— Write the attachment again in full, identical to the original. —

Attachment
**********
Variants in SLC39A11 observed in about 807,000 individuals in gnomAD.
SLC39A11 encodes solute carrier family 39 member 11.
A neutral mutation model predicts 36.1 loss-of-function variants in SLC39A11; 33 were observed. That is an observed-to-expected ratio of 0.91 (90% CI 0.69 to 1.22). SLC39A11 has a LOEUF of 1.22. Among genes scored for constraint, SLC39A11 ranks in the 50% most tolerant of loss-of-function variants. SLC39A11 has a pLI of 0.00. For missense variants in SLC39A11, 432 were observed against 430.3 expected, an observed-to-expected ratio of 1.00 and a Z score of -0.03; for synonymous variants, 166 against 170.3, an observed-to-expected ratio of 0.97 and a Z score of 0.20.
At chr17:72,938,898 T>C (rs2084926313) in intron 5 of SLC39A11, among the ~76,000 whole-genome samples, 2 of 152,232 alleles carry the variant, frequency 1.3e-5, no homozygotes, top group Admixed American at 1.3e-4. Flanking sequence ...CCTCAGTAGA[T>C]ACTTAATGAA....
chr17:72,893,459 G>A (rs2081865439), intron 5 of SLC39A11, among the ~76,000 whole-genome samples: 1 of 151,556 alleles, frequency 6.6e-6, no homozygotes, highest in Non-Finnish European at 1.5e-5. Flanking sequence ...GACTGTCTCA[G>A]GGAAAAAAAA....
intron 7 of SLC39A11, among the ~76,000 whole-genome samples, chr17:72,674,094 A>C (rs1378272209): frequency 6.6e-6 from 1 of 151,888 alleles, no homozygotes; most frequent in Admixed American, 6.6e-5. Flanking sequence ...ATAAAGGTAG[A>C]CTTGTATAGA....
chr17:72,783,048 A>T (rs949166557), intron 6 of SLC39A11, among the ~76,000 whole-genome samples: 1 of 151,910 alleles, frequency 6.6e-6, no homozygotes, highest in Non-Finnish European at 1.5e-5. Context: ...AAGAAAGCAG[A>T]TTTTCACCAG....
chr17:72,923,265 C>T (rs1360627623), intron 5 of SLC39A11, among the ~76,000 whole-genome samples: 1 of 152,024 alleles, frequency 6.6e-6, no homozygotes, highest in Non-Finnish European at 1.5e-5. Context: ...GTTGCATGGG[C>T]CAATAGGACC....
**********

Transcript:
Variants in SLC39A11 observed in about 807,000 individuals in gnomAD.
SLC39A11 encodes solute carrier family 39 member 11.
A neutral mutation model predicts 36.1 loss-of-function variants in SLC39A11; 33 were observed. That is an observed-to-expected ratio of 0.91 (90% CI 0.69 to 1.22). SLC39A11 has a LOEUF of 1.22. Among genes scored for constraint, SLC39A11 ranks in the 50% most tolerant of loss-of-function variants. SLC39A11 has a pLI of 0.00. For missense variants in SLC39A11, 432 were observed against 430.3 expected, an observed-to-expected ratio of 1.00 and a Z score of -0.03; for synonymous variants, 166 against 170.3, an observed-to-expected ratio of 0.97 and a Z score of 0.20.
At chr17:72,938,898 T>C (rs2084926313) in intron 5 of SLC39A11, among the ~76,000 whole-genome samples, 2 of 152,232 alleles carry the variant, frequency 1.3e-5, no homozygotes, top group Admixed American at 1.3e-4. Flanking sequence ...CCTCAGTAGA[T>C]ACTTAATGAA....
chr17:72,893,459 G>A (rs2081865439), intron 5 of SLC39A11, among the ~76,000 whole-genome samples: 1 of 151,556 alleles, frequency 6.6e-6, no homozygotes, highest in Non-Finnish European at 1.5e-5. Flanking sequence ...GACTGTCTCA[G>A]GGAAAAAAAA....
intron 7 of SLC39A11, among the ~76,000 whole-genome samples, chr17:72,674,094 A>C (rs1378272209): frequency 6.6e-6 from 1 of 151,888 alleles, no homozygotes; most frequent in Admixed American, 6.6e-5. Flanking sequence ...ATAAAGGTAG[A>C]CTTGTATAGA....
chr17:72,783,048 A>T (rs949166557), intron 6 of SLC39A11, among the ~76,000 whole-genome samples: 1 of 151,910 alleles, frequency 6.6e-6, no homozygotes, highest in Non-Finnish European at 1.5e-5. Context: ...AAGAAAGCAG[A>T]TTTTCACCAG....
chr17:72,923,265 C>T (rs1360627623), intron 5 of SLC39A11, among the ~76,000 whole-genome samples: 1 of 152,024 alleles, frequency 6.6e-6, no homozygotes, highest in Non-Finnish European at 1.5e-5. Context: ...GTTGCATGGG[C>T]CAATAGGACC....